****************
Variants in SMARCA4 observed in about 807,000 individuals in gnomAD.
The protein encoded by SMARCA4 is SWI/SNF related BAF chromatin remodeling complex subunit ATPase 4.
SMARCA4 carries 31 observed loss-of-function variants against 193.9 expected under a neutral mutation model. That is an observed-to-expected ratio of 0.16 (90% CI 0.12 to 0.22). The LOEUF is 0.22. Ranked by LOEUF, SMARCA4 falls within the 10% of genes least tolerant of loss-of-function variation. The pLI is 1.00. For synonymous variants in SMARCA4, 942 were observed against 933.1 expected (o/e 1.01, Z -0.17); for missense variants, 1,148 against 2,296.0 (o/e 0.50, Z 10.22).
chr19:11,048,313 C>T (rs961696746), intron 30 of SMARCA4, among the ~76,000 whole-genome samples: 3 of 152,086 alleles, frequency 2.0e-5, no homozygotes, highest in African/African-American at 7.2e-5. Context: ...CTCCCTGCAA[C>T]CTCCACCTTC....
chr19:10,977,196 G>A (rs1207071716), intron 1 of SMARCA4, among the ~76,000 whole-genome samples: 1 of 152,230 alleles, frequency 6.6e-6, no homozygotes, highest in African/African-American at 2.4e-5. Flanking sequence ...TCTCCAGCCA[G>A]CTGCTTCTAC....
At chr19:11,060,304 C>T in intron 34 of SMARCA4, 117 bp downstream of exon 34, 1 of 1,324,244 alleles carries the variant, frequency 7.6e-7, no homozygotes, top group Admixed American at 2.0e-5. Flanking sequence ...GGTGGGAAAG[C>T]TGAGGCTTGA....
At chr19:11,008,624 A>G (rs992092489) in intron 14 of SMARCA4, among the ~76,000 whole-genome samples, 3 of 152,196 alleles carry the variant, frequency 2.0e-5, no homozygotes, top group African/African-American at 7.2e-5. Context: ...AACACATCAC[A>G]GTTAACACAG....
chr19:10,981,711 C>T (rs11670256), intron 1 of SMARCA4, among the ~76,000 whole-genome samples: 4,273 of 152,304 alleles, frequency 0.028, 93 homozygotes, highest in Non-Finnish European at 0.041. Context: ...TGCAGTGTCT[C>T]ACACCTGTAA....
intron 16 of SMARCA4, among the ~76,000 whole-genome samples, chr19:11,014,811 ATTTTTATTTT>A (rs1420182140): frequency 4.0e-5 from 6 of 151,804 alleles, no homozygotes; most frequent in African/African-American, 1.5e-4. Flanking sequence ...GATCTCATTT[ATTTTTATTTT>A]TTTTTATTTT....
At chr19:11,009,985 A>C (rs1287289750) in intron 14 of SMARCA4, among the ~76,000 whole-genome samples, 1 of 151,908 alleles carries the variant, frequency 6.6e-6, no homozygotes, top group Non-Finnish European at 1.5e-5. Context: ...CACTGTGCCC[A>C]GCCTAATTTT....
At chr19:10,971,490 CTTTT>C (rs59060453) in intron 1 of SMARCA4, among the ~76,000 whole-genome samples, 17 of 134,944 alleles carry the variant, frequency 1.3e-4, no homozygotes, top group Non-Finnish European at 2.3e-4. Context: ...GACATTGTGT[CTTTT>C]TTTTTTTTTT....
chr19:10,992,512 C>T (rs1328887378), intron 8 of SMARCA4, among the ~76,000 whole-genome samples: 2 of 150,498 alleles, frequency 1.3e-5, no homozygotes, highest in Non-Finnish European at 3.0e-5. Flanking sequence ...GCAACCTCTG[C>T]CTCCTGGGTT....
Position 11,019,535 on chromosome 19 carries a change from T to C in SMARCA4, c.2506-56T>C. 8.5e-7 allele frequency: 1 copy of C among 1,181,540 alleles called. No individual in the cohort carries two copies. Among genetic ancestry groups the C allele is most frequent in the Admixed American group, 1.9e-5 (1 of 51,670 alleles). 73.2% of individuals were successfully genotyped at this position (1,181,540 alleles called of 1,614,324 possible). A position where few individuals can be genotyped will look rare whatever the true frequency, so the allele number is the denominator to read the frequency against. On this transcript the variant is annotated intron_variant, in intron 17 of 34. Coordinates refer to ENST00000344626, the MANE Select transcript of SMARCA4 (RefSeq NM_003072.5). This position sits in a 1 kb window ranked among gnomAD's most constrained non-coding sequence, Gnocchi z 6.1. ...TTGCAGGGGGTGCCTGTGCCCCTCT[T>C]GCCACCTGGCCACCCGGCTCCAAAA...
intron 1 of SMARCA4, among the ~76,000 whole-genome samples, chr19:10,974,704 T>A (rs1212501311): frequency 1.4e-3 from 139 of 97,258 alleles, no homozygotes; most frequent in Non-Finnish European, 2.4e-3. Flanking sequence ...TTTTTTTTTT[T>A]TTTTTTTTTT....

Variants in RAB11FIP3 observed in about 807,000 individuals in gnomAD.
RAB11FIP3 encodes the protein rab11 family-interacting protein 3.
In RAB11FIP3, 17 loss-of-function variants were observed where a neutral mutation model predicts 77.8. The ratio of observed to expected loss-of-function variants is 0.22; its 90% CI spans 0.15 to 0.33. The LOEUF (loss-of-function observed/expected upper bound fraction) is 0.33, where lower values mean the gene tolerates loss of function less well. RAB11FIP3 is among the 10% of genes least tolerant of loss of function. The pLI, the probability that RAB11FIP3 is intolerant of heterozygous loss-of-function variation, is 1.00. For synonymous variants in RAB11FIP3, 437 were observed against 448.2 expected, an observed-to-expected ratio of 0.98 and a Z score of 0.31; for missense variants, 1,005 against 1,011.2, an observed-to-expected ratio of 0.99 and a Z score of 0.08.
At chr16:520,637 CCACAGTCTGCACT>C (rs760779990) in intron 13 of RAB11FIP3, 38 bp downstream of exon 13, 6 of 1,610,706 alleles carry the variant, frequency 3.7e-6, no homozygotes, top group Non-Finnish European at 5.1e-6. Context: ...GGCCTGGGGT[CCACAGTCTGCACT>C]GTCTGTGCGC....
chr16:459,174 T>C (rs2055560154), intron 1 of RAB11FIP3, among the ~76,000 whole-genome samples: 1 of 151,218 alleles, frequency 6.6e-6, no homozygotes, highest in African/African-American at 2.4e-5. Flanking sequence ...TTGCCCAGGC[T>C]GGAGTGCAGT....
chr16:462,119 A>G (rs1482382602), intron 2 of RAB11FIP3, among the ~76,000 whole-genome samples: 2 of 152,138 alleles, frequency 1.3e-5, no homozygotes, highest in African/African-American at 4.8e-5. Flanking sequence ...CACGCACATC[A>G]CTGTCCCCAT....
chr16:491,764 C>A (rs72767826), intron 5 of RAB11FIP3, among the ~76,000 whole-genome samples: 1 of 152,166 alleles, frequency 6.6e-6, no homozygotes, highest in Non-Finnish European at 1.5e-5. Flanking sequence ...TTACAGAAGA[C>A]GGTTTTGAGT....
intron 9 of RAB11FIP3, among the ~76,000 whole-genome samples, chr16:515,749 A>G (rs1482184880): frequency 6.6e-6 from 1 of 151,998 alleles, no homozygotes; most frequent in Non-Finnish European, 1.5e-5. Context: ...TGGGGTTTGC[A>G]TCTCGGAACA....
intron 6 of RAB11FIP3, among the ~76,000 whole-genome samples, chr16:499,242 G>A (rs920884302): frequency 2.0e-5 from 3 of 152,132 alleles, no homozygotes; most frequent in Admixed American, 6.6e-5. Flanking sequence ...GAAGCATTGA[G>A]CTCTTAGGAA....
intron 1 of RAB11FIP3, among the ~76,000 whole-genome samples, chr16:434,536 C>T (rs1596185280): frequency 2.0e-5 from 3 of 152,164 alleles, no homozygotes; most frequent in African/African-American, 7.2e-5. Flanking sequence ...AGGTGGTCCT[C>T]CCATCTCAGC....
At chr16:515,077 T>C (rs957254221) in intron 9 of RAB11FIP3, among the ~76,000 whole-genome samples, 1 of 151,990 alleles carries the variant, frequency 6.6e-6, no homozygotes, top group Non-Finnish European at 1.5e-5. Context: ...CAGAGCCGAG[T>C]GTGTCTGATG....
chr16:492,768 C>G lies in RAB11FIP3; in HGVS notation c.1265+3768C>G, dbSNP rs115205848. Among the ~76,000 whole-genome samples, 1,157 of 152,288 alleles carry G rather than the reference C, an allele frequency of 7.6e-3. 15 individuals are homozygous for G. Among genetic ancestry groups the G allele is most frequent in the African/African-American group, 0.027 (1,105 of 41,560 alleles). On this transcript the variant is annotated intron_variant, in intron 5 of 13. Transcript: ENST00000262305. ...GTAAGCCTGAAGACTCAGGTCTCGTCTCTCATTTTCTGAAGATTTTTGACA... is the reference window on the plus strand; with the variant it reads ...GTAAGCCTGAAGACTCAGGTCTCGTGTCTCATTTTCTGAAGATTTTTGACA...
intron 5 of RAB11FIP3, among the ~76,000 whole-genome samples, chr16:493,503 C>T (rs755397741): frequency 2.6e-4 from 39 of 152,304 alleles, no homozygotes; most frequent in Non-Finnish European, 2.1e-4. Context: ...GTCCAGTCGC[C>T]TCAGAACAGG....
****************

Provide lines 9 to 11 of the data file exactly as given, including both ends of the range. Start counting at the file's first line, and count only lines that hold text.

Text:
intron 16 of SMARCA4, among the ~76,000 whole-genome samples, chr19:11,014,811 ATTTTTATTTT>A (rs1420182140): frequency 4.0e-5 from 6 of 151,804 alleles, no homozygotes; most frequent in African/African-American, 1.5e-4. Flanking sequence ...GATCTCATTT[ATTTTTATTTT>A]TTTTTATTTT....
At chr19:11,009,985 A>C (rs1287289750) in intron 14 of SMARCA4, among the ~76,000 whole-genome samples, 1 of 151,908 alleles carries the variant, frequency 6.6e-6, no homozygotes, top group Non-Finnish European at 1.5e-5. Context: ...CACTGTGCCC[A>C]GCCTAATTTT....
At chr19:10,971,490 CTTTT>C (rs59060453) in intron 1 of SMARCA4, among the ~76,000 whole-genome samples, 17 of 134,944 alleles carry the variant, frequency 1.3e-4, no homozygotes, top group Non-Finnish European at 2.3e-4. Context: ...GACATTGTGT[CTTTT>C]TTTTTTTTTT....